The creation of a working model of a new computer system or program for testing and refinement.
Techniques, methods, or processes that have been demonstrated to work under real-world conditions.
purchasing and facilities plan
One of several plans that are rolled up into the master project plan. Addresses considerations such as vendor contracts, order processing, pre-configuration, warehousing/staging, receiving/storage, and obsolete equipment disposal for hardware and software, as well as considerations such as building permits, end-user workspace, cabling, power/air conditioning, and the server rooms for physical facilities. See also master project plan.
In an MSF solution development project, a period of 15-30 days following deployment when project closeout is initiated. It acts as the baseline for service level agreement negotiation.
A test that is run after the daily build to verify that code has not regressed in quality. See also coverage testing.
A collection of new or changed configuration items that are tested and then introduced into the production IT environment.
A build that has been tested and is ready for release to a pilot.
Release Candidates Interim Milestone
An interim milestone in the Stabilizing Phase. Each release candidate is prepared and released to the pilot group and represents an interim milestone. Release candidates continue until testing determines that one meets all of the acceptance criteria for release to the pilot.
release candidate testing
Determining whether a candidate solution or product build is suitable for release.
Release Management Role Cluster
One of six team role clusters (roles) in MSF. Release Management is responsible for ensuring that released solutions are deployed smoothly and are manageable and supportable in the future. An externally focused role, it represents the operations viewpoint within the team and functions as a liaison between the development and operations groups. It encompasses five functional areas of responsibility: infrastructure, support, operations, logistics, and commercial release management.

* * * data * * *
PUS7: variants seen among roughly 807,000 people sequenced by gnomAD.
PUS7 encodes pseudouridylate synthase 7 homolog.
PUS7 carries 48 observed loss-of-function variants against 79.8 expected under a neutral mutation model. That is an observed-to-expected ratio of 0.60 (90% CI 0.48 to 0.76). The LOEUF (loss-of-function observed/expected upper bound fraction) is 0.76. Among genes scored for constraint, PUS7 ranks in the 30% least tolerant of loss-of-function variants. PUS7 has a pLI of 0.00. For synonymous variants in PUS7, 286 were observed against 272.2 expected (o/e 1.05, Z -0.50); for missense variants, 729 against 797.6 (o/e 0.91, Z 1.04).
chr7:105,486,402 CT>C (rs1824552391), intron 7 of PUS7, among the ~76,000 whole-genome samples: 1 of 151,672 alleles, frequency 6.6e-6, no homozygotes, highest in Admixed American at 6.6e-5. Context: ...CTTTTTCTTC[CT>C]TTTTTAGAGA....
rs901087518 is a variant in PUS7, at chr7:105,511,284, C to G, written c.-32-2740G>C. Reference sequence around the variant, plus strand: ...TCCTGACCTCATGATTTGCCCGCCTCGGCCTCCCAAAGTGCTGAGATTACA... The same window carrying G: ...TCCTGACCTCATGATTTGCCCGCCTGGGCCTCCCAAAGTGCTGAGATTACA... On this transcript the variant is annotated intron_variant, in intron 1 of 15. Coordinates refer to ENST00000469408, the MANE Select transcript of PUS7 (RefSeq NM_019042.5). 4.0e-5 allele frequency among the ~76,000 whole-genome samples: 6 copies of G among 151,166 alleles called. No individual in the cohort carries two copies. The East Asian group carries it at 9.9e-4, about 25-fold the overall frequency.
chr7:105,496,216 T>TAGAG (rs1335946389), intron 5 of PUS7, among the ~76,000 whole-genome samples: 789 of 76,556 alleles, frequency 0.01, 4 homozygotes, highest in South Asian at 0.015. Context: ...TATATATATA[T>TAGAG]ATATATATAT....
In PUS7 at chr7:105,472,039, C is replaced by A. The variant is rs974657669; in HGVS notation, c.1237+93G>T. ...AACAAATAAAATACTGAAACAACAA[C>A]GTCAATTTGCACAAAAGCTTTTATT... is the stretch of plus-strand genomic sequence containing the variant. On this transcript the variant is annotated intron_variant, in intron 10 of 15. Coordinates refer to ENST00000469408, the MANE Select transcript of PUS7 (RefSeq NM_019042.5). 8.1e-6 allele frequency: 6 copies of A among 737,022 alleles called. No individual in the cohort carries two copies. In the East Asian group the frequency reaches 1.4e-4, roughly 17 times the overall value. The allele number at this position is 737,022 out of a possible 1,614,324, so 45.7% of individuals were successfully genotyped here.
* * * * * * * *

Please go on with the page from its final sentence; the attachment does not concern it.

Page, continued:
Release Readiness Approved Milestone
In the MSF Process Model, the Release Readiness Approved Milestone is the culmination of the Stabilizing Phase and occurs when the team has addressed all outstanding issues, has completed a pilot review, achieved release-ready versions of source code and executables, scripts and installation documentation, end-user help and training materials, operations documentation, and release notes. The team demonstrates its readiness to move on to the Deploying Phase of the project at this major milestone.
A type of high-level requirement. Business requirements represent the functional needs of the business that are the core reasons for initiating the project. They can also be thought of as the benefits that project sponsors and stakeholders must receive from the solution. See also conceptual design.
A requirement that the solution must meet that focuses on business requirements. These requirements provide input for creating the solution concept and form part of the criteria for evaluating the vision/scope.
The specific groups or individuals who complete the project work and their associated financial resources (project budget). This also includes specific equipment, such as computers and computer labs. Resources compose one side of the trade-off triangle, with schedule and features being the other two.
Eliminating risk from the risk plan. One approach to retiring a risk is to archive the risk and its management plan (successful or otherwise) into a repository for use and reference by future projects. Conversely, risks can be simply removed from the risk management process after they have occurred or been resolved.
See project risk.